Thursday, April 30, 2020

“My Crickets: A Little Decameron #35”


My little cricket is still well, singing throughout the night. I fed him tiny bits of fish (which wasn’t tasty) with his water last evening. I do believe that perhaps the small ramekin of water was moved a bit, but I also think this might be delusional thinking on my part, and just a result of the shake of my hands.
       Now 61,005 US citizens dead. Throughout the world, 3,218,430 have contracted the virus to date, with 228,625 international deaths. When more than 30 million citizens apply for unemployment insurance, what can you say? How do doctors expect you to stop touching your face when tears are streaming down both cheeks?
      And now the Los Angeles City Department of Health has completely closed down our pool and jacuzzi. The tiny bit of human recognition we have left is now gone. No Ukrainians, no anxious parents or their children will be witnessed: just the plastic owl and the mostly closed umbrellas and our Russian family’s rug and towels, which they’ve begun to hang over their second-story balcony railing.
      Yet, just now, a little bird, which I describe as a finch, perhaps a purple finch since his forehead was slightly bluish, flew into our patio to inspect it. When I attempted to get a better look, he/she flew off, but soon came back. Hard to see in the gloomy Thursday morning light. And a crow just darted through the garden. And another, larger one, just flew across my view, with another behind. Heckle and Jeckle again I suspect. They’re now terribly busy cawing, evidently for food and territory.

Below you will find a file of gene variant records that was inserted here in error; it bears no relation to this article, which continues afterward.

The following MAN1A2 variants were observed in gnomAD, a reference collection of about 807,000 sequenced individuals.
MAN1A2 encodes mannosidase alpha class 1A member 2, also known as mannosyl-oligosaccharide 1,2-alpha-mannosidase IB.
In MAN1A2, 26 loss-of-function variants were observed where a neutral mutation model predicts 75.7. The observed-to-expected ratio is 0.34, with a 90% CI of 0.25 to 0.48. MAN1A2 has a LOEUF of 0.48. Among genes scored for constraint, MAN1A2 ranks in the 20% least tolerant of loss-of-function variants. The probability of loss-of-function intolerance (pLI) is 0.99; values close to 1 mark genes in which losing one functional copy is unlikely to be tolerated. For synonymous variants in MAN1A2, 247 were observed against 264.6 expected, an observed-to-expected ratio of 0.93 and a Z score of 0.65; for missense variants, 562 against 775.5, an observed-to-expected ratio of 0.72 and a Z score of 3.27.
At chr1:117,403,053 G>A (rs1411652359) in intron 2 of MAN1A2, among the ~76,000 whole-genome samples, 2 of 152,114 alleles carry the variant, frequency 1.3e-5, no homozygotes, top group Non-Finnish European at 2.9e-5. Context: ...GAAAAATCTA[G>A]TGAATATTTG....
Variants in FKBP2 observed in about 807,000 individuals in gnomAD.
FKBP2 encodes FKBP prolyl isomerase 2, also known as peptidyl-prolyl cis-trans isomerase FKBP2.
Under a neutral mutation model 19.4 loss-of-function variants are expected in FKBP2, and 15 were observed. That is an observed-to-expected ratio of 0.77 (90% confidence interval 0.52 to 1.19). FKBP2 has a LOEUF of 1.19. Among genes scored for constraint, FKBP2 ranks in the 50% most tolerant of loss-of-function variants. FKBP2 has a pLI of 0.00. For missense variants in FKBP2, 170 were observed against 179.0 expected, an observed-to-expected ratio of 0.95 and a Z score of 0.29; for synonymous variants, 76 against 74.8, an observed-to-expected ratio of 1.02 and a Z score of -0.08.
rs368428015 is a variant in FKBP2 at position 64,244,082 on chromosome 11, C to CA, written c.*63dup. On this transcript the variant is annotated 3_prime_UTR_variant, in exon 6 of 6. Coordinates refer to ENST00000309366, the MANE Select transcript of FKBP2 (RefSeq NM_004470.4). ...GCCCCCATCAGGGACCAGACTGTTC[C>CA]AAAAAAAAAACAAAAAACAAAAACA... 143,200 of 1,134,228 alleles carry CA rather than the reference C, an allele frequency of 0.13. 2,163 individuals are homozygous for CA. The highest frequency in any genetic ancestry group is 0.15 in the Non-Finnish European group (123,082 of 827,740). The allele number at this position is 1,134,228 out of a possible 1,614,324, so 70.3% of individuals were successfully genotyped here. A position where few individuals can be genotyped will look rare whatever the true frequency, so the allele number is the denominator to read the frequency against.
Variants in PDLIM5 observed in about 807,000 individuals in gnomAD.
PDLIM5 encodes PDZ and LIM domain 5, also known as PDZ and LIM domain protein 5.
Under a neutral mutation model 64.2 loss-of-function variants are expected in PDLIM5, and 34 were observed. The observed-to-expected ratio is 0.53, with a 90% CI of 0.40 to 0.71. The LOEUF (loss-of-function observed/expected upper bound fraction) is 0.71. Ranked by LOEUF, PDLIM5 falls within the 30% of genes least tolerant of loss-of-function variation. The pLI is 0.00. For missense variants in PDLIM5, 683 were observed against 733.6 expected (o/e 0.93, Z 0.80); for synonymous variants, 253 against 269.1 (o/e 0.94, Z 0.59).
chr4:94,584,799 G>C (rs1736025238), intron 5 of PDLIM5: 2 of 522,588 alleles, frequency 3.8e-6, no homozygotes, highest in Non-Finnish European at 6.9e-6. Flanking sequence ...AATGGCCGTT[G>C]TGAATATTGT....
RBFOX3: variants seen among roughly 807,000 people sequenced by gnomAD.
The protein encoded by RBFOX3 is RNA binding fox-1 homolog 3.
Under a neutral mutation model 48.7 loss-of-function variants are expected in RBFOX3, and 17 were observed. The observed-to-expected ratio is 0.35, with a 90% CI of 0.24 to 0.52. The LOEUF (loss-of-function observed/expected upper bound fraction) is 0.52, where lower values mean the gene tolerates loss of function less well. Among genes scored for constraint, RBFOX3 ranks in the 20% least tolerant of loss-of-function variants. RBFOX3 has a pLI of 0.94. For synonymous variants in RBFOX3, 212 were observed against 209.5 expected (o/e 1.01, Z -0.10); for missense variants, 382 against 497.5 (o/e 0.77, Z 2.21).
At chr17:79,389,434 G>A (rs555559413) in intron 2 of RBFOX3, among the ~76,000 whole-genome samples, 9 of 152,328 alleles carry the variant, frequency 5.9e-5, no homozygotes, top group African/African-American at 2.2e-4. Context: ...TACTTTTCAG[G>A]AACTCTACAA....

At least, Los Angeles County has now promised to allow free testing for the virus to all of its millions of citizens. A brave act. How they will have enough testing kits and how they will offer them is still not clear. But it’s a start toward normalcy, and maybe will result in an even clearer notion of just how many were affected by this terrible disease.
      Howard keeps getting thinner—something that begin long before the pandemic—and today, I observed that the t-shirt Elsa Flores Almarez had given us celebrating her artist-husband Carlos—whose image generally peeks out over the belly—has now been buried into his pants.
      Well, today, I’m watching Sacha Guitry’s 1937 film Désiré, a comedy for a change. I need it.

Los Angeles, April 30, 2020
Reprinted from Facebook (April 2020).

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